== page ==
Supporting a survey to estimate the good and services required for basic participation in Indonesia.

How social protection systems can progressively address disability-related costs: the case of Thailand. 

Not either or Disability allowance and economic empowerment in Fiji.

Understanding disability extra costs

CENTRE FOR INCLUSIVE POLICY
September 2020

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Extra costs incurred by people with disabilitites are illustrated through case studies of children, adults and older people with disabilities. 

Getting the data - How much does aid money support inclusion of persons with disabilities?A guide for advocates in the disability movement to work with the data generated by the OECD-DAC ‘disability marker’ in aid.

MEEKS, Polly
July 2020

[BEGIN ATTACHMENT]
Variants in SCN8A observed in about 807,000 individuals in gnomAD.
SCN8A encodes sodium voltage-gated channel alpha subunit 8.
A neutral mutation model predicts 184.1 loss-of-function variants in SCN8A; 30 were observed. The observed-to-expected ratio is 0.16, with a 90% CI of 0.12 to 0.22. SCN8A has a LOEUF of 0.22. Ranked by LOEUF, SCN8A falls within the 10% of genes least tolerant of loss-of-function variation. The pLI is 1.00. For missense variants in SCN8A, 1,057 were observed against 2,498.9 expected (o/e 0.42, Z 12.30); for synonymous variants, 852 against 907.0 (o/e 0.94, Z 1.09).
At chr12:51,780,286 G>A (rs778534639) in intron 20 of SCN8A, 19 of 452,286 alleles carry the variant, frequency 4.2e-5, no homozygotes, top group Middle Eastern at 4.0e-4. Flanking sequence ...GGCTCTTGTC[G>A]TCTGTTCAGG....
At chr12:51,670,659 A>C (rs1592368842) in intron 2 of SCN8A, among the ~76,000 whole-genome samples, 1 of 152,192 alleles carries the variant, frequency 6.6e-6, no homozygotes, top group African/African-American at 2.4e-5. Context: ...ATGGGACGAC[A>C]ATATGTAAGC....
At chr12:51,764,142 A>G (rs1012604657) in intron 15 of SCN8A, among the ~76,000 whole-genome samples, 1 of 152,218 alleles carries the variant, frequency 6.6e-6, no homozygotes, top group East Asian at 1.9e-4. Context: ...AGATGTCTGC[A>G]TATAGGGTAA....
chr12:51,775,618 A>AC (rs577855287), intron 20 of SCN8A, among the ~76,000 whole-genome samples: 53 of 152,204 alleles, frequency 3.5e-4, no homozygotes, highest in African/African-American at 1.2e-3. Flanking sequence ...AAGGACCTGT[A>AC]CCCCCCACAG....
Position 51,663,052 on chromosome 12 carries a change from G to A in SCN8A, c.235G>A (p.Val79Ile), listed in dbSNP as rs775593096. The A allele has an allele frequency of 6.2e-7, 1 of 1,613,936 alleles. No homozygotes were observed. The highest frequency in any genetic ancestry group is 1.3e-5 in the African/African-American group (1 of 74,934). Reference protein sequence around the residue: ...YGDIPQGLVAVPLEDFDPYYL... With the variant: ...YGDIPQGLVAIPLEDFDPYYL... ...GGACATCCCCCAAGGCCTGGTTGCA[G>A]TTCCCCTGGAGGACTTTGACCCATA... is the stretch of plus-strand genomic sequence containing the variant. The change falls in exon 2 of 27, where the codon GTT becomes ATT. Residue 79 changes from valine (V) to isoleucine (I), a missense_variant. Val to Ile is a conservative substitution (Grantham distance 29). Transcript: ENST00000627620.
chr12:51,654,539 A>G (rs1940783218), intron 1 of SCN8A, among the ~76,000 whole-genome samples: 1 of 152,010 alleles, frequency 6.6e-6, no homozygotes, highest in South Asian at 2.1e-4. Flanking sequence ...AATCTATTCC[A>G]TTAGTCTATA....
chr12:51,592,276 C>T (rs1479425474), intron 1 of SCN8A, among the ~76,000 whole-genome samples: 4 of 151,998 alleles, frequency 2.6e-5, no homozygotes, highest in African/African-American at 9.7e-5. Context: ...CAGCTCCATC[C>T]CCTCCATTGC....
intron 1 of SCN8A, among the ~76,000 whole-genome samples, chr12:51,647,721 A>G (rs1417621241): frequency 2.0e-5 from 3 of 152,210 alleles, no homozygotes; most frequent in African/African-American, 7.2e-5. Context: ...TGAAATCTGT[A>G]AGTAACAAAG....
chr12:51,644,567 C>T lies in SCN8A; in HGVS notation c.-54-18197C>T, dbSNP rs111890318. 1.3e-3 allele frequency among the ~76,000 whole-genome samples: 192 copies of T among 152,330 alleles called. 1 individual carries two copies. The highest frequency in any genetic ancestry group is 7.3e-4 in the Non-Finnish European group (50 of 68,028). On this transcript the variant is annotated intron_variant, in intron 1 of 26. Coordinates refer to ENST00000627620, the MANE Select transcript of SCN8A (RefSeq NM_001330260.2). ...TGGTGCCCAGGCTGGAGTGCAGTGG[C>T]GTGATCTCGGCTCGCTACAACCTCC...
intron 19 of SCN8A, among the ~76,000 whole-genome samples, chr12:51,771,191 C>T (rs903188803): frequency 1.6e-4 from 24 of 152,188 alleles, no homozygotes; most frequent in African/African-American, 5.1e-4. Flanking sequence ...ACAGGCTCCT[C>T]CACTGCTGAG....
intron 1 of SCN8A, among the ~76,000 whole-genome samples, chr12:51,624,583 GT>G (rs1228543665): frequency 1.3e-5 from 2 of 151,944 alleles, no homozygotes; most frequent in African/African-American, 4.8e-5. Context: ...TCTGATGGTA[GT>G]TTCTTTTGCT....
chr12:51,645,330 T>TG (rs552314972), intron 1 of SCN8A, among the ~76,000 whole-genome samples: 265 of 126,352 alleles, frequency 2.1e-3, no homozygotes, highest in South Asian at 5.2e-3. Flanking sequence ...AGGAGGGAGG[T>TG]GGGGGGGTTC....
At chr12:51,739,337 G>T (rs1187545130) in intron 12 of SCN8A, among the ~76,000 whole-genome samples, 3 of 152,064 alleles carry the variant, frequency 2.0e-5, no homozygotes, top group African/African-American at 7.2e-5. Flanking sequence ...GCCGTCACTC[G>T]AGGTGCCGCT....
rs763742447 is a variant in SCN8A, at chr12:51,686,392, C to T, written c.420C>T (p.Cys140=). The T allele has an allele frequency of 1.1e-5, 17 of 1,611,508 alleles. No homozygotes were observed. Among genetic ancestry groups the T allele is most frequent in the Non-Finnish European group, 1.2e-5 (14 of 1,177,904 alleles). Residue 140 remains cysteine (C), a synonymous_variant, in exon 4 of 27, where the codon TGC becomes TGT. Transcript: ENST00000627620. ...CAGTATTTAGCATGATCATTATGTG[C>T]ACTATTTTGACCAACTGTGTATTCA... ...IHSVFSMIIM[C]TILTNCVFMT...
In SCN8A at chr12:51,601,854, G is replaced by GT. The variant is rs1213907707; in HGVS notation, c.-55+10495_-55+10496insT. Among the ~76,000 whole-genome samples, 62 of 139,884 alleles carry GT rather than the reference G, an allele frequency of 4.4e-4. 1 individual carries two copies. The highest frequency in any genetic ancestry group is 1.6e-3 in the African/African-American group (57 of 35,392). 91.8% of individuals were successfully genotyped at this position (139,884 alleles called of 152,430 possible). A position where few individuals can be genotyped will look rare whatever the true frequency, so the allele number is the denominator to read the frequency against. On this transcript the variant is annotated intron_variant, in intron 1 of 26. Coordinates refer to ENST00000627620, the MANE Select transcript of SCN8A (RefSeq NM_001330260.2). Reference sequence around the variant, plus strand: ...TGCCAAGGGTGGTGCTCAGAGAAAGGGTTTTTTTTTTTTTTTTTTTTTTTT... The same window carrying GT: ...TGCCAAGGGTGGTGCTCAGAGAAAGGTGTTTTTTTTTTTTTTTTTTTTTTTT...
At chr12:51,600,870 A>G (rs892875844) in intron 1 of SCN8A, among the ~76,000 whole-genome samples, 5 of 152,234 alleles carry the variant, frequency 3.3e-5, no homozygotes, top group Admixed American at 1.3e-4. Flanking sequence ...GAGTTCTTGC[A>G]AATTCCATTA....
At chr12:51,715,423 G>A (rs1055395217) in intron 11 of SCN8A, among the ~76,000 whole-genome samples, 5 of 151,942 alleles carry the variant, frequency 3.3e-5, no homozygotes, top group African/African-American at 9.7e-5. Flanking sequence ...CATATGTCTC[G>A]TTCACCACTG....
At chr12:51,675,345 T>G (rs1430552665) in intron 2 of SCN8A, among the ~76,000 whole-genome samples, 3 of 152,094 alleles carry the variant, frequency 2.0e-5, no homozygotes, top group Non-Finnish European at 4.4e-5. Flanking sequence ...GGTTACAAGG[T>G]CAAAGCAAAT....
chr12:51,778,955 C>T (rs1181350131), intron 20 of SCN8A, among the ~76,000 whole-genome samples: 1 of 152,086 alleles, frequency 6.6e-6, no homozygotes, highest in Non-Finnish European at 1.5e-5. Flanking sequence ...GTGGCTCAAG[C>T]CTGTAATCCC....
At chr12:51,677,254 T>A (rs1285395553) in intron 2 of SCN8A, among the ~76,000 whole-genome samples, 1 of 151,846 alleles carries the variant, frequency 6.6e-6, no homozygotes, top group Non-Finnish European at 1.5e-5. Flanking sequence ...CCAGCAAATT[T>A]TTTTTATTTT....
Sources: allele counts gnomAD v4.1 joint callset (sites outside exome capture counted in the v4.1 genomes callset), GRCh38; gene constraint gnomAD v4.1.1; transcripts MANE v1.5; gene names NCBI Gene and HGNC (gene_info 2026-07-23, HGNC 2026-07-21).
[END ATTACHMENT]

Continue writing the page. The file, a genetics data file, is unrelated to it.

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Official Development Assistance is a vital resource for realising the rights of persons with disabilities. In 2019, development partners spent 153 billion US dollars of ODA. Under the United Nations Convention on the Rights of Persons with Disabilities and the Sustainable Development Goals, development partners are committed to make their ODA disability inclusive. And ODA is governed in a way that offers important advocacy opportunities for the disability movement. Taken together, these factors make ODA an essential resource for realising the CRPD. ODA can never be a substitute for national governments’ obligations to finance the rights of persons with disabilities, but it can make a very significant contribution in the short term. In fact, research in some countries has found ODA to be a much bigger source of finance for the rights of persons with disabilities than domestic government budgets.